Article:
We’ve already introduced you to the Danish Pavilion exhibition Possible Greenland, on display at the 2012 Venice Biennale, featuring possibilities that lay in store for Greenland in light of geographic changes caused by the increased rate of ice and snow melt. Henning Larsen Architects has now shared with us their portion of the exhibit, Greenland Migrating, a project developed in collaboration with David Garcia Studio and KITAA Architects. Curating the exhibit are Danish-Greenlandic Professor in geology Minik Rosing and Copenhagen-based NORD Architects.
Join us after the break for a closer look at the project.
Drawing from the cultural heritage of “interconnectedness” that is a large part of Greenland’s history and survival, the architects propose a series of programs that functionally and politically inspire migration to Greenland. It is an effort consistent with the proposals of Possible Greenland which projects that melting glacial will expose natural resources that will require a larger workforce and new urban developments.
Politically, Greenland hopes to open borders and create an atmosphere that will attract a skilled workforce and “brainpower”. Looking to both foreigners and native inhabitants, Greenland Migrating is a master plan with various components that will provide meeting and gathering spaces for community building, housing, educational resources and entertainment complexes.
The video describes the master plan and shares a case study of the town of Ilulissat, which inherited the Qullissat settlement population after the demise of the mining industry. The overall plan hopes to capitalize on the increased density as well as use people as a resource for growth and economic stability. In the four interventions that make up the master plan, the architects hope to introduce a more cohesive version of the town and provide for those populations disrupted by previous economic instability.
1. Cultural Centre
The Cultural Centre will establish a meeting ground between local culture and tourism, which is economically essential to Ilulissat. It is designed as a multi-purpose facility near an existing school and integrated into a nursing home that will give citizens a meeting place for local events, engage tourists with exhibition spaces and provide a library. The architects hope that this environment will breed cross-cultural and cross-generational engagement among visitors.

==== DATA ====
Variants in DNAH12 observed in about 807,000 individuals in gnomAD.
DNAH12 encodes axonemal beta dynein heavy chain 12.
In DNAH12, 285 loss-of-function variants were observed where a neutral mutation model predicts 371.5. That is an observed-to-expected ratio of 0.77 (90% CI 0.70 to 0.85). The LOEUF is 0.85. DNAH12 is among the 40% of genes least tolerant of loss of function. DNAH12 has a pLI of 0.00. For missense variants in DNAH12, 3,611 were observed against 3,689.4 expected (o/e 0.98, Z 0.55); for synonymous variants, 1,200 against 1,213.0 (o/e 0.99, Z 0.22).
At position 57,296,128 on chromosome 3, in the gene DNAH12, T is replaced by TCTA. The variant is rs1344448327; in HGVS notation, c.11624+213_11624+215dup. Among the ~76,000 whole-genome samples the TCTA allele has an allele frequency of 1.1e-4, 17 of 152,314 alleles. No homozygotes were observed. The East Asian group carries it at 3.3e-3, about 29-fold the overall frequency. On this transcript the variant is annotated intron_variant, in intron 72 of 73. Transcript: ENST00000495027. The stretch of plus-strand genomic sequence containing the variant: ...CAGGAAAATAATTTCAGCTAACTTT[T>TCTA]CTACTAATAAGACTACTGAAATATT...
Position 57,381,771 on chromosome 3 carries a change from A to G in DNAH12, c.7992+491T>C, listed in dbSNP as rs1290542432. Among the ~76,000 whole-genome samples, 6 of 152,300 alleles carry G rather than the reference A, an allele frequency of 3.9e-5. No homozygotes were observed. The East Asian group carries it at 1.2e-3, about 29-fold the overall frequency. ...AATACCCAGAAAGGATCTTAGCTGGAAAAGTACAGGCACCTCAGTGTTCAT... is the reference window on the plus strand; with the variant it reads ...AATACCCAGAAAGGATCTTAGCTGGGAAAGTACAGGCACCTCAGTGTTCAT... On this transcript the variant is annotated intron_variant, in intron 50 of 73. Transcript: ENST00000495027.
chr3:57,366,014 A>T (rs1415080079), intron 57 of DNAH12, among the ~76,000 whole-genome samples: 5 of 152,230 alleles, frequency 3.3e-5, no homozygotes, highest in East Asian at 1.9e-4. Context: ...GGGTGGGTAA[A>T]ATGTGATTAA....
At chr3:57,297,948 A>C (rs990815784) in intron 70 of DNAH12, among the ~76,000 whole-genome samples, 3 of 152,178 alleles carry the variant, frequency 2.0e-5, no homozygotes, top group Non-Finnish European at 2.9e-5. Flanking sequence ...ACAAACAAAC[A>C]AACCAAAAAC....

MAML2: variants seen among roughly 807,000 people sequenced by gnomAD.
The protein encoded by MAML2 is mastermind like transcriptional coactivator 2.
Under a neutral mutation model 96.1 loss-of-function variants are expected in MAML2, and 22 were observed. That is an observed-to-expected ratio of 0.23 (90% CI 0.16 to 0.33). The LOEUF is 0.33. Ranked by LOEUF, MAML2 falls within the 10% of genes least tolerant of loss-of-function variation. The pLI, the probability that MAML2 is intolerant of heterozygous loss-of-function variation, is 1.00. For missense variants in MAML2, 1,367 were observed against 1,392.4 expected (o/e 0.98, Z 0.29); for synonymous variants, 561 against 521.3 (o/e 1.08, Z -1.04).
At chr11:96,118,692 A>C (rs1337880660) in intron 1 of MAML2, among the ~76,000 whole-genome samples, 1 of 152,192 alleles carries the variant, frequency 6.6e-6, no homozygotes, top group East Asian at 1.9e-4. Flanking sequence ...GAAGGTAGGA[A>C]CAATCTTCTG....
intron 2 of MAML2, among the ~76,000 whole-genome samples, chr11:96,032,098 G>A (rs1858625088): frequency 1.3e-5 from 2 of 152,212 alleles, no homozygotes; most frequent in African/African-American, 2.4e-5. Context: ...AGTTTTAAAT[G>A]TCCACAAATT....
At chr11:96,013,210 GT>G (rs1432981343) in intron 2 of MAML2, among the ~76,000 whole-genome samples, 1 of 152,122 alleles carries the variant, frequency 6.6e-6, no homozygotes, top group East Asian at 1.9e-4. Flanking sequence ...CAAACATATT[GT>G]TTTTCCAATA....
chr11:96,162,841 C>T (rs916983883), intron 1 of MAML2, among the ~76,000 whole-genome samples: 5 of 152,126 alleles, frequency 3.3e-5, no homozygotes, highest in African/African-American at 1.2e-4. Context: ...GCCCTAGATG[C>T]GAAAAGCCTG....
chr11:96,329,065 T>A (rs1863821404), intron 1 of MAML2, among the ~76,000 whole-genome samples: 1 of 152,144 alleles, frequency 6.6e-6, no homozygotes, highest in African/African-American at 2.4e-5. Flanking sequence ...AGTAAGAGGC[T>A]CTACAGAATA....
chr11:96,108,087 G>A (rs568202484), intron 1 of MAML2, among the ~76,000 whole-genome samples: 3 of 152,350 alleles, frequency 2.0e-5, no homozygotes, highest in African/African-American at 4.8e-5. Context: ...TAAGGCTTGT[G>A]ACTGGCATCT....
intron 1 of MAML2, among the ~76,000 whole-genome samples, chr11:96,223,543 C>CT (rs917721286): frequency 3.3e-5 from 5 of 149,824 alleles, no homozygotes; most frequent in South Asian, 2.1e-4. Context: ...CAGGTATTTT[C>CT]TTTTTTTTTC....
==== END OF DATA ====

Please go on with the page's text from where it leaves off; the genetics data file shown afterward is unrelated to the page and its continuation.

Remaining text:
2. Inhabiting the Harbor
Housing is a top priority in Greenland; waiting lists run as a long as five years in Ilulissat alone. Temporary housing is on the agenda for this design to attract young people as the town expects to grow. The architects propose to use the harbour, closely linked to the sea, as a market that will also have established temporary housing that is integrated into the plaza and the harbour edge – a perfect way to introduce new settlers to the culture of Greenland. A new population also has the potential to enliven this area, deemed as “forgotten”.
3. Glacial Hub
Greenland lacks in higher education programs. Many who leave to pursue their studies do not come back. To attract a young and educated population, the architects propose a new meeting hub on the Ilulissat Ice Fjord (a world heritage site) that will house spaces for a new Faculty of Glacial Studies, a UNESCO office and tourist information. With a program unique to Ilulissat, the facility can attract an group for very specific studies.
4. Sports Plaza
Ilulisssat has a strong tradition of outdoor sports, but harsh climatic conditions require indoor facilities, which currently are overcrowded. The architects propose a sports plaza on the location of the existing outdoor football field and sports hall that shares one of the main streets in Ilulissat. The new facility would have a flexible cover that allows activities to take place year-round. The street will transform into an arena for a range of sports events, including the annual sled dog face. Placing community events on the street at the heart of the town brings together local tradition with chance encounters of new visitors.
Greenland Migrating will be part of Possible Greenland at the Danish Pavilion at the 13th Annual Venice Biennale. The exhibit opened on Aug 29th and will be on view through November 25th.